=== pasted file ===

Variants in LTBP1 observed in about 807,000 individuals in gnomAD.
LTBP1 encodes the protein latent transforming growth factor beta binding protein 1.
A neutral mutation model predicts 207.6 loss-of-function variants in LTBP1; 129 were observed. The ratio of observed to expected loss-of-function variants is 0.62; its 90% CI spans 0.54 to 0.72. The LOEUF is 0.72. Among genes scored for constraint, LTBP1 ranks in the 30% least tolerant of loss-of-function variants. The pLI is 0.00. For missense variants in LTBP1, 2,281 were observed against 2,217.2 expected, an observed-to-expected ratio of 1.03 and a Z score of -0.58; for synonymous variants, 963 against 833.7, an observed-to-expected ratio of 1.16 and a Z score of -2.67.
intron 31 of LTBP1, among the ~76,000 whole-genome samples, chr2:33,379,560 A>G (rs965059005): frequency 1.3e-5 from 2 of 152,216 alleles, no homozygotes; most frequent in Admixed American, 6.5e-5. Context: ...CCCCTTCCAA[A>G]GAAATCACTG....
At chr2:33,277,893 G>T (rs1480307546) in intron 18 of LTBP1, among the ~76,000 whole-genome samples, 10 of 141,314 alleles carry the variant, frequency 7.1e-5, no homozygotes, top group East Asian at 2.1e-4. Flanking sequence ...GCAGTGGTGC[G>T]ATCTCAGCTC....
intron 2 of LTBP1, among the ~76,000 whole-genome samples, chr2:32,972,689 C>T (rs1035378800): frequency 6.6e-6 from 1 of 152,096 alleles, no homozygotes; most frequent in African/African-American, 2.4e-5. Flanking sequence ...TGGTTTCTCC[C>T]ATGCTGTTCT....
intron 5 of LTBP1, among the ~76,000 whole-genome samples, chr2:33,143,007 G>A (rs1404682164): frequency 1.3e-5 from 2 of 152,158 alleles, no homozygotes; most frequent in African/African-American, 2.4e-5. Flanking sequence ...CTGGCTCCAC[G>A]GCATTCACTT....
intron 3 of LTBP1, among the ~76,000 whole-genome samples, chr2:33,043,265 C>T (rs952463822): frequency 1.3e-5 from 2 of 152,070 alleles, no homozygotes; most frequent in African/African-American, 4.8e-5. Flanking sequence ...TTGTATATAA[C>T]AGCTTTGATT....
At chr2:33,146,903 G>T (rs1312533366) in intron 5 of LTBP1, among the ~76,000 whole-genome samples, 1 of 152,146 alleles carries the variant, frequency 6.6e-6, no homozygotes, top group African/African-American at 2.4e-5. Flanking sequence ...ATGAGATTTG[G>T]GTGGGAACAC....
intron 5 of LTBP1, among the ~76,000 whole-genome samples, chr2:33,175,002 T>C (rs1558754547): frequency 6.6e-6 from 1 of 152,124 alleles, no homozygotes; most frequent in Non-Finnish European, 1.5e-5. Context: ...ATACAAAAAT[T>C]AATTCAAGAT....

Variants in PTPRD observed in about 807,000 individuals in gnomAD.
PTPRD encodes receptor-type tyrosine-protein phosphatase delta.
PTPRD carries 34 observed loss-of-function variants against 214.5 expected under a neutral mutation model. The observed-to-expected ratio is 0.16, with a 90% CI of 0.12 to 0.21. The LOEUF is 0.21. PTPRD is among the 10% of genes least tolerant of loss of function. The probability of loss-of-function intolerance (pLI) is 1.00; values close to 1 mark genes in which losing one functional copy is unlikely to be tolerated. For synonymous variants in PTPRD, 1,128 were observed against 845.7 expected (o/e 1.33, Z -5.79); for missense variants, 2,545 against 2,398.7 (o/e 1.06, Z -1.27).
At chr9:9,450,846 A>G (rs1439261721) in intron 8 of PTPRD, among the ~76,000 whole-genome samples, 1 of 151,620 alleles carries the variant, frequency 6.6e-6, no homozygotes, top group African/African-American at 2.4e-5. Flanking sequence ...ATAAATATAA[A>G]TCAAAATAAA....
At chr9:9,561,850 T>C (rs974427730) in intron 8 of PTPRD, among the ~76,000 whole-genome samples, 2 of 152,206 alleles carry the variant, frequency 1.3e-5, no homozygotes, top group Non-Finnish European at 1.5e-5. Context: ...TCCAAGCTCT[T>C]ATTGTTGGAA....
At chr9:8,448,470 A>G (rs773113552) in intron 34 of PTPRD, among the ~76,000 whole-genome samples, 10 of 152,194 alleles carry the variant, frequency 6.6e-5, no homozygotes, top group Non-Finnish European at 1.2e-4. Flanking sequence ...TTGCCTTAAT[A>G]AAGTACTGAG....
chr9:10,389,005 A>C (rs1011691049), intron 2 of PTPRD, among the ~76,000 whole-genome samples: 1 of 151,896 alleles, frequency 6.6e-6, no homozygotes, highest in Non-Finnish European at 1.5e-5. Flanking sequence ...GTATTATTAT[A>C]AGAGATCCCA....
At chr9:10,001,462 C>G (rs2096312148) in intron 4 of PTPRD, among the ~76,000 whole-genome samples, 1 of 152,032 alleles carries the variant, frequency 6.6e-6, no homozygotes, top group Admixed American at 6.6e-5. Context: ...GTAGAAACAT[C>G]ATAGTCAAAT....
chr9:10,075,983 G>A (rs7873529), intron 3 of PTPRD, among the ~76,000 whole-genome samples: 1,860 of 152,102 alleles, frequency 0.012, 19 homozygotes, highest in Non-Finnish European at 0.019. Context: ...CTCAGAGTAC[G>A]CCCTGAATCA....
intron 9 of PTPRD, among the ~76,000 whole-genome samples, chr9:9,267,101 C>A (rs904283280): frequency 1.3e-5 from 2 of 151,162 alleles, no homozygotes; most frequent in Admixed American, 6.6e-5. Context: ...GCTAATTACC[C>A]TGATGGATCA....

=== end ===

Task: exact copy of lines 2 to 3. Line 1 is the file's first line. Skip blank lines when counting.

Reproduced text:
LTBP1 encodes the protein latent transforming growth factor beta binding protein 1.
A neutral mutation model predicts 207.6 loss-of-function variants in LTBP1; 129 were observed. The ratio of observed to expected loss-of-function variants is 0.62; its 90% CI spans 0.54 to 0.72. The LOEUF is 0.72. Among genes scored for constraint, LTBP1 ranks in the 30% least tolerant of loss-of-function variants. The pLI is 0.00. For missense variants in LTBP1, 2,281 were observed against 2,217.2 expected, an observed-to-expected ratio of 1.03 and a Z score of -0.58; for synonymous variants, 963 against 833.7, an observed-to-expected ratio of 1.16 and a Z score of -2.67.